Questions about new roof costs
Can I get a roofing grant from my local authority?
In some areas, local councils will provide grants to help people re-roof their homes but this are usually only granted if the house is classified as falling seriously below acceptable living standards and the occupants of the property thereby being put at serious risk. This is called the Home Repair Assistance Grant but it is a discretionary award so you may not qualify. Council funding has been notoriously tight for several years and they can really only help people who have a property in a serious state of disrepair. Further, there can be criteria other than the state of the roof such as being resident in the property for a specified number of years – no good if you are new to the area. There is no ‘one size fits all’ when it comes to local authority funding, every council is different so you should make your own enquiries to see if there could be anything available.
Where else could I obtain finance to pay for the roof?
Some building contractors work in tandem with finance companies and can arrange finance for you much like you would finance a new car. Repayments will depend on the length of the term and how much deposit you can contribute. Some people seek funding from their mortgage company by way of a Home Improvement Loan or Further Advance. This will require sufficient equity in your home for the sum you want to borrow and satisfactory affordability. It can also be possible to raise additional sums for work on the property on a straightforward re-mortgage. For middle-aged or retired people who have paid off their mortgage, Equity Release schemes can help provide funding for home improvement projects like a new roof.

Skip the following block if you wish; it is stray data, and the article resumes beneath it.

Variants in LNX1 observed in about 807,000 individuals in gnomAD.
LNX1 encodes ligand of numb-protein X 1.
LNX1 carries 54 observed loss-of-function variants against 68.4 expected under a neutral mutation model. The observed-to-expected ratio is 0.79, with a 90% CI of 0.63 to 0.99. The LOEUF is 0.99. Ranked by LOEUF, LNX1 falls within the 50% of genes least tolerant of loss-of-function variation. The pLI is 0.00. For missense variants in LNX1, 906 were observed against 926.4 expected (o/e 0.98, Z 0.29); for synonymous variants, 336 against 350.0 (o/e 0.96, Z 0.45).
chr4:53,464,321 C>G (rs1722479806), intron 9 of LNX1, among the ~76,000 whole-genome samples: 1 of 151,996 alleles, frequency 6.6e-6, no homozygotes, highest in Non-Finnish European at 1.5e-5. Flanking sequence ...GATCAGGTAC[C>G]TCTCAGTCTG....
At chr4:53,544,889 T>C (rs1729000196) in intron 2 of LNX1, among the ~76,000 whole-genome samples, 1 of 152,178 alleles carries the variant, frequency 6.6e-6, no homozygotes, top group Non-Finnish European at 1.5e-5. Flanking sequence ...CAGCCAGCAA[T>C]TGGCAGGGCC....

When is the best time of year to replace the roof?